This week, I attended my second CBT session with
Uncle Fester the lovely Jim.
God love the man, but he genuinely takes an hour to ask a question.
CBT (Cognitive Behavioral Therapy) is designed to understand why you’re thoughts are what they are. It’s a mindfuck, basically. And for an hour each week, Jim will evaluate my reactions towards specific things that have happened since our last render-vouz. This post is basically to outline what happens when you start attending the Crazy Clinic, and why it’s actually not that bad.
Every Wednesday, I’ll wait in the reception area until I see his wee, round moon face. He’s a delightful guy, seems to know his stuff and always, ALWAYS comments on the weather as we walk to the consultation room. It’s a big white room with two chairs, a computer and a filing cabinet. He has a Reebok backpack and wears the same shoes as Nuns. Those wee clunky black things. So fetch.
The reception is shared with the dental department on the other side of the building, so sometimes it’s hard to tell if someone is there because they’re a lunatic or if they need a filling. This week there was a woman crying with her head in her hands and rocking in her seat. So I’m thinking her dental was stronger than her mental, na’mean?
Anyway, we’ll usually go in, sit down and wait for him to find the bits of paper that he needs. He’ll go over what we discussed last week, and always say this before we start:
‘So the point in these first few appointments is to get to know you and why you’re here, and what you want to achieve by coming here. Okay?’
Aye, okay Jim.
We started using little sheets called Behavioral Models which break down a specific event that occurred during the last week. The event has to be of a negative nature, so this week I used the fact that I didn’t get into my chosen uni course. It didn’t cause a flare up, but it was the only real negative thing to happen.
The models look a little bit like this, except I have to write under the headings. This one has already been filled out by some poor soul.
I think Jim gets pissed off with me sometimes because I start blethering and going off subject, a sign – he says – of why I’m there. Refusal to ‘open up’.
I’m an Ice Queen, mate. A bottler, a closed book, a mystery to all.
That kinda thing.
Anyway, we use that model to promote conversation about how my wee head deals with negative news or bad vibes in general. He seems to think that I took the uni news well, compared to how I would’ve dealt with it in March – alcohol, not eating and toying with the idea of legging it to Dublin.
Jim’s job is to take my thoughts, actions, physical reactions and emotional behaviour then cause me to question why they stick with me. Instead of just fading away like most thoughts, my mind holds onto some bad things and causes me to react in certain ways. The week before, we looked into why a high school ‘frenemy’ had piped up and caused me to briefly consider doing stupid things. Why does her opinion matter? Why would a so-called sane person like her want to get a reaction? The truth is, her opinion didn’t matter – it still doesn’t. But my mind is impressionable, so it stuck and hit a nerve.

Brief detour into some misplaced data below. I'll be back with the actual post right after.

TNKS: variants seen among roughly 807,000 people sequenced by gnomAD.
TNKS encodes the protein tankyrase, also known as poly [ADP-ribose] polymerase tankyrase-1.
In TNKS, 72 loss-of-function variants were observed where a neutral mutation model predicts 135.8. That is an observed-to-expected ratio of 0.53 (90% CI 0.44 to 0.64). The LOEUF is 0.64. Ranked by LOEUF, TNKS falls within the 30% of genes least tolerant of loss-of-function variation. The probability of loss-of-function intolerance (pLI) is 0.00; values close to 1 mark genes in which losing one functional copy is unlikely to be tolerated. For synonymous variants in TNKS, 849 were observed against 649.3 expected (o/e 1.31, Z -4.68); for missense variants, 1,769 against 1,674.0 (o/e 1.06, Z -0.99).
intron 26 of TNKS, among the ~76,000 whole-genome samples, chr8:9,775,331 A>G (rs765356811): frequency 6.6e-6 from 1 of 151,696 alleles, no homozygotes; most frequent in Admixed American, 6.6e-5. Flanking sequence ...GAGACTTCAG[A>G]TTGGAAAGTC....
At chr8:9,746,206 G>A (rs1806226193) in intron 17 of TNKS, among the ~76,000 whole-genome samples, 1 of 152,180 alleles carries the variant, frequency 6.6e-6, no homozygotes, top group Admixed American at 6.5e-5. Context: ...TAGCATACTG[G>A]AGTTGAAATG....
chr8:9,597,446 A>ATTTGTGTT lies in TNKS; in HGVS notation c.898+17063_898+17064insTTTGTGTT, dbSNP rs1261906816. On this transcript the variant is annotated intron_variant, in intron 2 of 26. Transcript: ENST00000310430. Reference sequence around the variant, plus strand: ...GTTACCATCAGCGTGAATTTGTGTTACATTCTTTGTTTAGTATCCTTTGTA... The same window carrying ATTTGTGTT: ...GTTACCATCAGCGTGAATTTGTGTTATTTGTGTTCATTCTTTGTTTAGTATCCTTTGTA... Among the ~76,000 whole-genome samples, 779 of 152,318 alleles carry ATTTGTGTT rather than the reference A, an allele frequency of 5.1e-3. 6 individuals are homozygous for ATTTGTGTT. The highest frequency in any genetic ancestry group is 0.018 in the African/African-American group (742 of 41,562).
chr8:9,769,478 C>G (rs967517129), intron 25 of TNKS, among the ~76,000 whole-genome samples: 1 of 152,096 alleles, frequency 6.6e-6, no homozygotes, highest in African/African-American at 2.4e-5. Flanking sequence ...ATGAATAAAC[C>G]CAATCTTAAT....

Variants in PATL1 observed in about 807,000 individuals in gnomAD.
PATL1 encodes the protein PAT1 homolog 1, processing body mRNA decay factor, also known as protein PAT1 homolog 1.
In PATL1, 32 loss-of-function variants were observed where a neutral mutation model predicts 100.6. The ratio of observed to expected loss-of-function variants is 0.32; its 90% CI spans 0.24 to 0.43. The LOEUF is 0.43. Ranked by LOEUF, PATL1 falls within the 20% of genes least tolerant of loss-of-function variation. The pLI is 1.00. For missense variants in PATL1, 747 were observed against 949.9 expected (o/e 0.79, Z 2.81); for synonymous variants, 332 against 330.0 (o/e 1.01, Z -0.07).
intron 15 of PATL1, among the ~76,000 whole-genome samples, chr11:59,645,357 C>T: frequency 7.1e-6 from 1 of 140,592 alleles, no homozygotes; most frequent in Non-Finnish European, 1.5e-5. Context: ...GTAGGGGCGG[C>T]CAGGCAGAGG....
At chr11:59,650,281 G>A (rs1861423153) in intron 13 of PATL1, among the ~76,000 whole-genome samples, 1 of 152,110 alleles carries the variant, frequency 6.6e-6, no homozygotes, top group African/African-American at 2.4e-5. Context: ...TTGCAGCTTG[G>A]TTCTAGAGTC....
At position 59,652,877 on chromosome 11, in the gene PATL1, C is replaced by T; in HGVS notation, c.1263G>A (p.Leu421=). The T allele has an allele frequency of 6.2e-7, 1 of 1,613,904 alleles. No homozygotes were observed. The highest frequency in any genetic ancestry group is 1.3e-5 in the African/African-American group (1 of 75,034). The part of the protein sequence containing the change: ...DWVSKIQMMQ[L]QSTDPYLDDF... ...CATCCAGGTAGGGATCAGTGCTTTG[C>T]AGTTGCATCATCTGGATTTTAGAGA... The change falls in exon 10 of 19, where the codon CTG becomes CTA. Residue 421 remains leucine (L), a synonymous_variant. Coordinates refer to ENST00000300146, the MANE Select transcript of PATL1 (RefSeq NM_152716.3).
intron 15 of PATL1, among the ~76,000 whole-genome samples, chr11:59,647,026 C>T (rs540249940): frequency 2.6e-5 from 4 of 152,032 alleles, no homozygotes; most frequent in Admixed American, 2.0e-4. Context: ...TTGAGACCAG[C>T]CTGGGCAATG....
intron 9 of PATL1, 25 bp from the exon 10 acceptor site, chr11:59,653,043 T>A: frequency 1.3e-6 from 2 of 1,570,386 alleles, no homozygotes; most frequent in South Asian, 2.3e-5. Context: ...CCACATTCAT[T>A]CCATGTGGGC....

CBT is bit like tidying your room.
You don’t want to do it, but you have to because otherwise your mind becomes a tip. You’ll go into corners and find the most hideous mess and have to put it in a bin bag, and you’ll probably find things that are embarrassing and hurtful, but they need tidied up too. It makes you realise how many memories, experiences and feelings your brain processes on a daily basis. And if you have depression or anxiety, those things become more relevant and stronger than they need to be. You cling onto shit, basically. CBT is there to establish the links with those and your illness, and eventually snap them.
As the appointment goes on, Jim tries to explain why my brain is struggling to let go of hypothetical situations. He says that some people, for some reason, can’t see the line between real life and facts, and the little paranoid situation that they’ve fabricated in their heads.
This week, he gave me a little ‘workbook’ to add to my folder. It’s a collection of forms to fill out ‘whenever I feel like it’. Different sheets ask different questions about family life, aspirations, hobbies, health history and shit like that. I think he’s trying to figure out if I’ve been permanently damaged by Daddy Issues.
At the end of each meeting, he always asks if I want to come back. He never assumes. The thing with therapy is that, as intrusive as it can be, it’s on your terms. It’s a consensual fucking of your mind.
He’ll ask, I’ll say yes and we wait another 7 riveting days for our next chat.
There is no long sofa on which I lie down and confess my deep turmoil to a bearded, professor-like chap.
There are no padded walls.
It’s literally talking to a slightly inquisitive, stone-faced bald guy who just wants to know why the fuck you’re so worried.
If you’re given the option, do it. It helps.